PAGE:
jump to navigation

Fraud??? April 8, 2007

Posted by atlantarunner in Running.


On Saturday, I listened to episode 91 of the Phedippidations podcast, by Steve Runner. This week’s podcast was a biography of Joan Benoit Samuelson, and it was interesting and informative as usual for Phedippidations. However, at the end of the podcast, Steve stated an opinion that bothered me: he fears that he will be considered “a fraud” if he does not finish his Fall marathon in under 4 hours.

For Steve to say that he could be considered “a fraud” is unfair to himself and to other runners. I applaud his goal, and I wish him the best on that effort. I hope to eventually do the same. But I find it offensive for him to use the term “fraud,” even against himself. I don’t think he meant to say that a 4-hour marathon is the dividing line between a real runner and a fraud, but his opinion could be taken that way. He probably meant that, given his abilities and experience, and with the right training, he should be able to finish a marathon in under 4 hours. I don’t disagree. But it is wrong for him to suggest that he could be a fraud if he does not achieve that.

For somebody to be a fraud, he must misrepresent himself. Though I don’t know Steve Runner personally, if you listen to his podcasts, he seems very up-front about himself, blemishes and all. If he is misrepresenting himself, he’s fooling me, because he seems very authentic. So assuming he represents himself pretty much as he is, would he be less of a runner if he didn’t achieve his goal? Would he be less of a runner if he didn’t even shoot for that goal? Should he be considered a “fraud” to call himself a runner? To all of those questions, I answer a firm and emphatic, “NO.”

A real runner has passion for running. A real runner sets goals for him/herself in the name of that passion. Possible goals could be a certain finish time for a certain distance, or to maintain a certain level of fitness, or just to be able to keep on running into old age without a specific time or distance. But somewhere there is a passion and a goal. Steve clearly has passion and goals. So to say that he could be “a fraud” if he does not actually achieve those goals is unfair.

So far, I have run two marathons. For my first, the 2006 Chicago Marathon, I set a finish goal of 4:45. I actually finished in 5:05:16. But that does not make me a fraud. I still trained for and finished my first marathon. For my second marathon, the 2007 ING Georgia Marathon, I set a finish goal of 4:35. However, I actually finished in 4:49:09. I improved over my first marathon, on a tougher course, with pollen allergies in full swing. I am not a fraud. For Steve Runner to suggest that he could be a fraud for not achieving his 4:00 goal suggests that we all are frauds for not achieving our own goals. I don’t think he meant to suggest that. We don’t deserve that designation, and neither does he. His passion, and our passion, make us all authentic, sincere runners.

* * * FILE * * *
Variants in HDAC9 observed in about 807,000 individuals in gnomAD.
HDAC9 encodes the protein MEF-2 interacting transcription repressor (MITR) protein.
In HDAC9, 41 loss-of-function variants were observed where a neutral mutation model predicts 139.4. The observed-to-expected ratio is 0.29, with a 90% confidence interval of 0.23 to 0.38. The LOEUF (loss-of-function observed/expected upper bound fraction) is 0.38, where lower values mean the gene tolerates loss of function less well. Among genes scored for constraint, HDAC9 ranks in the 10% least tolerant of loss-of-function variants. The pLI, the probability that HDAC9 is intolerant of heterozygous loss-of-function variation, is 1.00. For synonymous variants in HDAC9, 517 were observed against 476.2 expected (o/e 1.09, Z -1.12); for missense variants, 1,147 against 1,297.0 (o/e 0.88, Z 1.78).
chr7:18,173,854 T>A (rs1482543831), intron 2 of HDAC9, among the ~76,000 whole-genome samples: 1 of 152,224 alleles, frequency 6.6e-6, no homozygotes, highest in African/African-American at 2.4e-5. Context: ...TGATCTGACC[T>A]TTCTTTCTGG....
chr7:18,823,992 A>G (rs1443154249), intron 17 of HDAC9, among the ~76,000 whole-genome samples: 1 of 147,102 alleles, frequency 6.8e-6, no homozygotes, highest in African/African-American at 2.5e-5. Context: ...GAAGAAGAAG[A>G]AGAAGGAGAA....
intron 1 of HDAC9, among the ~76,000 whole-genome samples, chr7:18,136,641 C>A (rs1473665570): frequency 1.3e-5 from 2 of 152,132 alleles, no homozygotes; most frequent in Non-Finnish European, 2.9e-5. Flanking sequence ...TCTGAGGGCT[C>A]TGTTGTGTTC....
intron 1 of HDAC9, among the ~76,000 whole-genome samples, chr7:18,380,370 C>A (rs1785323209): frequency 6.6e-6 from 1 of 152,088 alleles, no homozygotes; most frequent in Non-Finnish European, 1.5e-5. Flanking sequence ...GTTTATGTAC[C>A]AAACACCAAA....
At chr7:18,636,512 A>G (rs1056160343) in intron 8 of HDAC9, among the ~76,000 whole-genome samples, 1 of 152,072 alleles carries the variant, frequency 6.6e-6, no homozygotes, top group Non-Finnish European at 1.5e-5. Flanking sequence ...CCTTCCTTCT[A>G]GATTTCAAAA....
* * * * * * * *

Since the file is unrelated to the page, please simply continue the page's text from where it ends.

1. dabigleap - April 15, 2007

Hi Paul,

Thanks for stopping by my blog and you are right, no sense killing myself. The choice for me is to run plague free, even if it means missing a race.

So… thinking about this post… since I just want to “finish” my marathon, that would put me in the… what… “abomination” category… maybe? yep… the abominable runner… that’s me! Think I’ll change the name of my blog… it’s kinda catchy…! 😉

In all seriousness, it’s about the journey and the challenge. There are only a handful of people ever capable of winning a marathon, but look how many run… That kind of passion and dedication could never be faked. That’s why we run…


2. atlantarunner - April 15, 2007

Thanks for the comment, DaBigLeap,

I hope I did not imply that anyone is an abomination. In my humble opinion, to finish a marathon is a legitimate goal, and enough to call yourself a runner. To finish ANYTHING (5k, 10k, half marathon, or whatever) is a legitimate goal. To just keep running around the block a few times a week is a legitimate goal. We all either have somewhere to go from where we are, or we want to maintain where we are. Either one of these is a legitimate goal, as it would be all too easy just to sit on the couch, eat cheezy poofs, and allow ourselves to deteriorate. Our desire to prevent that from happening makes us runners.

All the best to you, and thanks again for the comment.

3. dabigleap - April 16, 2007

oh no, no, no… I absolutely did not take it that way. I completely agree with you (although I do like cheezy poofs…). I was just poking fun at his choice of words and at myself. I never take myself that seriously. Life’s too short to get huffy all the time…!

I think he meant to say that there are some in the running community (at the top, unfortunately) that may not give him as much credibility if he can’t beat 4 hours. It’s an unfortunate way to think. I also don’t think he meant to imply that anyone who runs over 4 hours is somehow less of a person or runner. I think he’s just worried that if he doesn’t break 4 hours he won’t be considered in “the club” and nobody will listen to him.

Leave a Reply

Fill in your details below or click an icon to log in:

WordPress.com Logo

You are commenting using your WordPress.com account. Log Out /  Change )

Google+ photo

You are commenting using your Google+ account. Log Out /  Change )

Twitter picture

You are commenting using your Twitter account. Log Out /  Change )

Facebook photo

You are commenting using your Facebook account. Log Out /  Change )

Connecting to %s

%d bloggers like this: